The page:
Indian Team Cricket Coach: The Dawn of the Dravid Era

The year was 1996, the Indian team was in crisis with the mercurial fly-half Navjot Singh Sidhu rebelling against skipper Mohammad Azharuddin and quitting the Indian tour of England. Team management sent Sourav Ganguly, ever green behind his ears, to strike in a most intimidating setting, Lord’s, the home of Test cricket where cricket fortunes are made and lost. On the third day, its first century announced a future star to India.

The year was 1996, the Indian team was in crisis with the mercurial fly-half Navjot Singh Sidhu rebelling against skipper Mohammad Azharuddin and quitting the Indian tour of England. Team management sent Sourav Ganguly, ever green behind his ears, to strike in a most intimidating setting, Lord’s, the home of Test cricket where cricket fortunes are made and lost. On the third day, its first century announced a future star to India.

India had also dropped veteran Sanjay Manjrekar in that series and offered another start to Rahul Dravid, Ganguly’s Under-19 and India A teammate. Dravid at the crease ended at 95, five shy of a hundred debut even as British commentators hailed New India.

*Dravid was appointed as interim coach of India’s white ball team for the ODI and Twenty20 series against Sri Lanka in the absence of Ravi Shastri, who was in England with the India test team for a bilateral series.

Almost 25 years later, Indian cricket has come full circle. While Ganguly sits at the top as chairman of the BCCI (Board of Control for Cricket in India), Dravid, India’s perennial cricket crunch man, has been given a much tougher job: coaching the Indian team. . It becomes all the more arduous in a country where each of the 1.3 billion has a view on the performance of the team, the cacophony being amplified by the speeches on social networks.

There is excitement. There is also another crisis that Dravid enters. After losing two strokes at an ICC title this year – the World Test Championship final in June, then crashing out in the league stages of the T-20 World Cup this week – India grapples with a multi-billion dollar question: what does it take to win critical knockout matches and bring home that elusive ICC title? India haven’t won one since the Champions Trophy in 2013.

The framework took a few months to deploy. Dravid had been happy to coach the Under-19 and India A teams, then to take on the role of manager of the National Cricket Academy (NCA) in Bengaluru – and apparently was not interested in the job. senior team. Although he never made it public, those in the know confirm that he felt slighted after a 2017 incident where he was named an Indian batting consultant by Ganguly’s Cricket Advisory Committee (CAC). , Sachin Tendulkar and VVS Laxman, only to be fended off by the duo of Ravi Shastri and India team captain Virat Kohli. The thank-but-no-thank-you snub put him off, so much so that even when it was clear Shastri was out after this year’s T-20 World Cup, Dravid had no intention of applying for the Indian coaching job.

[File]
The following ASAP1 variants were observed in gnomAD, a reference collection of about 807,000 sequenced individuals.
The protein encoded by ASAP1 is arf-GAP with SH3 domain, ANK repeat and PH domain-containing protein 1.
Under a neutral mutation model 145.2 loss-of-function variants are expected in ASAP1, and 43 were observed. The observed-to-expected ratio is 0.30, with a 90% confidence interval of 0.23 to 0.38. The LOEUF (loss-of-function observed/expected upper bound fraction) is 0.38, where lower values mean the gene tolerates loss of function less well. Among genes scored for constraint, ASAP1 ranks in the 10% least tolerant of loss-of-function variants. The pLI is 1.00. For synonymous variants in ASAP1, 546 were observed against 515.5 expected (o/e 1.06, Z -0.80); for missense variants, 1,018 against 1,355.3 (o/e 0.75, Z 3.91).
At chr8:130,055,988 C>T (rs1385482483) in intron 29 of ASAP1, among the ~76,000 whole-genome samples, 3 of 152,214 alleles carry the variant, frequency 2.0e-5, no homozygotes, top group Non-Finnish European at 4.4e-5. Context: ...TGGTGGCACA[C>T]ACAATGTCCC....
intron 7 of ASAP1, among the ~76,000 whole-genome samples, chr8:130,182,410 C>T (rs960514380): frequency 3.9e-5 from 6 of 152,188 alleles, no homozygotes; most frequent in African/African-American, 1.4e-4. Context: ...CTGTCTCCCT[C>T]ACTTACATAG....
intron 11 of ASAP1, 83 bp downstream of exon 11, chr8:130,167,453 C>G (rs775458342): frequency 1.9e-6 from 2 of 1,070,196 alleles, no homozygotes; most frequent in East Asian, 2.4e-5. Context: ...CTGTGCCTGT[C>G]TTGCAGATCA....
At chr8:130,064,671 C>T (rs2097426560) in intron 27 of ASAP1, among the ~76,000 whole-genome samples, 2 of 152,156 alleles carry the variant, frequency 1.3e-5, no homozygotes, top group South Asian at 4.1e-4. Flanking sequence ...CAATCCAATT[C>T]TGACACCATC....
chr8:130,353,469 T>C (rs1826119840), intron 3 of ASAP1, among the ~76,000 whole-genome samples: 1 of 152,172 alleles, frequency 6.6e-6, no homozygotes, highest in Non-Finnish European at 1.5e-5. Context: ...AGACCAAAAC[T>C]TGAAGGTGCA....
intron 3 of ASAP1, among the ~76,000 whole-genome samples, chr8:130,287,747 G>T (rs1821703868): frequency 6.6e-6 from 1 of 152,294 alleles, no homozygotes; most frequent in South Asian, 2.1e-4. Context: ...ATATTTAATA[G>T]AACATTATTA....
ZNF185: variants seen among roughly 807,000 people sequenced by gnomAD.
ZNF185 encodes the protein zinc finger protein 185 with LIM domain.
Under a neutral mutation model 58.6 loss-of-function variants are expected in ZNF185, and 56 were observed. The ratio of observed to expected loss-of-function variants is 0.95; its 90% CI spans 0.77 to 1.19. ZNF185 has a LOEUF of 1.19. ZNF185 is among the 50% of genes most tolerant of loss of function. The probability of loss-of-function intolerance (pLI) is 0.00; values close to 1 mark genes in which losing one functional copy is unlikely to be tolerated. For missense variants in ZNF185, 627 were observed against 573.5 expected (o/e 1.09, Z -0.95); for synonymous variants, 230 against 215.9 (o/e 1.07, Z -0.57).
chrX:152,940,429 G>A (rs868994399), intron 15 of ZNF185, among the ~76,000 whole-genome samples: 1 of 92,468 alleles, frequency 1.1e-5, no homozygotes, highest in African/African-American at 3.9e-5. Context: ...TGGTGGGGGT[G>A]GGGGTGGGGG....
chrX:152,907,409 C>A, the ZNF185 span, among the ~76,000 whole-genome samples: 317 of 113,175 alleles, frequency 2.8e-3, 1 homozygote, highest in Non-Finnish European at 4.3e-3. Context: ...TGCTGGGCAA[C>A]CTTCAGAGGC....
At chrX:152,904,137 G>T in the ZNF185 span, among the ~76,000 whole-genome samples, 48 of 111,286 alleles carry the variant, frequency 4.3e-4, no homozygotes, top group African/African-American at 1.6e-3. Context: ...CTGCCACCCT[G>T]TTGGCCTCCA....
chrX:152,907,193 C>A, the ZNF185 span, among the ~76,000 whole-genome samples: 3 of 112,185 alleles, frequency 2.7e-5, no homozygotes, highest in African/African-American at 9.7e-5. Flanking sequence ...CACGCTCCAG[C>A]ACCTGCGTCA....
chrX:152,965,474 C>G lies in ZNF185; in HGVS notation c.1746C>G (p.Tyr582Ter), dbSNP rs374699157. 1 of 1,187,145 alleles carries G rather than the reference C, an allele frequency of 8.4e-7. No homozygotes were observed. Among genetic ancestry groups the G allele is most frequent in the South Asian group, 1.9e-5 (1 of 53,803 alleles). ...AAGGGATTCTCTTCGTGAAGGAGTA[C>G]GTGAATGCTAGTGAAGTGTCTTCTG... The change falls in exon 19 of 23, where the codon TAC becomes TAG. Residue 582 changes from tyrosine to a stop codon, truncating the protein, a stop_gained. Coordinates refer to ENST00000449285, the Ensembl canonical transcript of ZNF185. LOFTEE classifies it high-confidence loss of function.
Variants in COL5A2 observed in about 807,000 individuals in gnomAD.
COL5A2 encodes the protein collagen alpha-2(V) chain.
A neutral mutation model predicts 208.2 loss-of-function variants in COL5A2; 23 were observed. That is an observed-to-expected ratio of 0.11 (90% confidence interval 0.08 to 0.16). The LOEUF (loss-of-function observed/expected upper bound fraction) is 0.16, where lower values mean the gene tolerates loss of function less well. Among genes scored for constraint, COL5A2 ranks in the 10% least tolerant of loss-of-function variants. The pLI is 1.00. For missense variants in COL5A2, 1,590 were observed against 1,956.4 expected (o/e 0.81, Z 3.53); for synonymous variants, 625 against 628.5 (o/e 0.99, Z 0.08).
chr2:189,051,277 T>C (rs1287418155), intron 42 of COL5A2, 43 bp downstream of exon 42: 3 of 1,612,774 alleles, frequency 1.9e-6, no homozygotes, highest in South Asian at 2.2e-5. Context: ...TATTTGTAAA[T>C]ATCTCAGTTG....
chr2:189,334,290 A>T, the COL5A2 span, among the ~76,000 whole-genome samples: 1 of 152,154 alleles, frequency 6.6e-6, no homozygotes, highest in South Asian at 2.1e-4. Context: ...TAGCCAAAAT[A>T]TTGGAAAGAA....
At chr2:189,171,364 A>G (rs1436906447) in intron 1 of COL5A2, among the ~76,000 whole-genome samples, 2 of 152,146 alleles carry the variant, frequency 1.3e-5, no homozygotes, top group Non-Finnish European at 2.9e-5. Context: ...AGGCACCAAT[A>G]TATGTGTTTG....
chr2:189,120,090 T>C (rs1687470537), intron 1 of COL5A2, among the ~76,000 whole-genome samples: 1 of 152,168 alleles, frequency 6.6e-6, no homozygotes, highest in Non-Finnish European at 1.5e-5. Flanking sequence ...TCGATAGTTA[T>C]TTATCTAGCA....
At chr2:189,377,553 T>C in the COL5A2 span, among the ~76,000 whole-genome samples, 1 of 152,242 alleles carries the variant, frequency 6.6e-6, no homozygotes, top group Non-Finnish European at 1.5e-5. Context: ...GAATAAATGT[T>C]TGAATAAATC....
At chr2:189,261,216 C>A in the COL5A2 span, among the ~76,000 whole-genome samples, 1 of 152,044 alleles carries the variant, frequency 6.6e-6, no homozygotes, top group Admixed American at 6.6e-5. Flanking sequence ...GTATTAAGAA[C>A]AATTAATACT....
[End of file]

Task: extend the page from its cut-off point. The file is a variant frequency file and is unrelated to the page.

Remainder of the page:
File photo of Dravid and Virat Kohli (Photo: AP)

Then BCCI bosses Ganguly and secretary Jay Shah took over. Dravid was called to Dubai on the day of the IPL finals where he was convinced to take over. Meanwhile, Kohli also announced his decision to step down as India’s captaincy of the T-20. Dravid searched for a few days to consider the offer, but after a few more phone calls, he finally came and applied to be the coach of the Indian men’s cricket team. And with an annual contract of Rs 10 crore, Dravid will be one of the most expensive cricket coaches in the history of the game.

There will be no honeymoon period for the new coach as he balances the two captains; Rohit Sharma, who has taken over the limited series format, and Kohli, who retains his position in testing. With India’s recent disappointments in ICC tournaments, Dravid should bring the Midas touch; his two-year tenure includes another shot at a T-20 World Cup title in 2022 and then the main World Cup (50+ version), to be played in India in 2023. But first, he must identify the good players. for all three formats. He is clearly leaning towards the younger ones. “Having worked closely with the boys, whether at the NCA, U-19s or the India A team, I know they have the passion and desire to improve every day,” said Dravid after his appointment.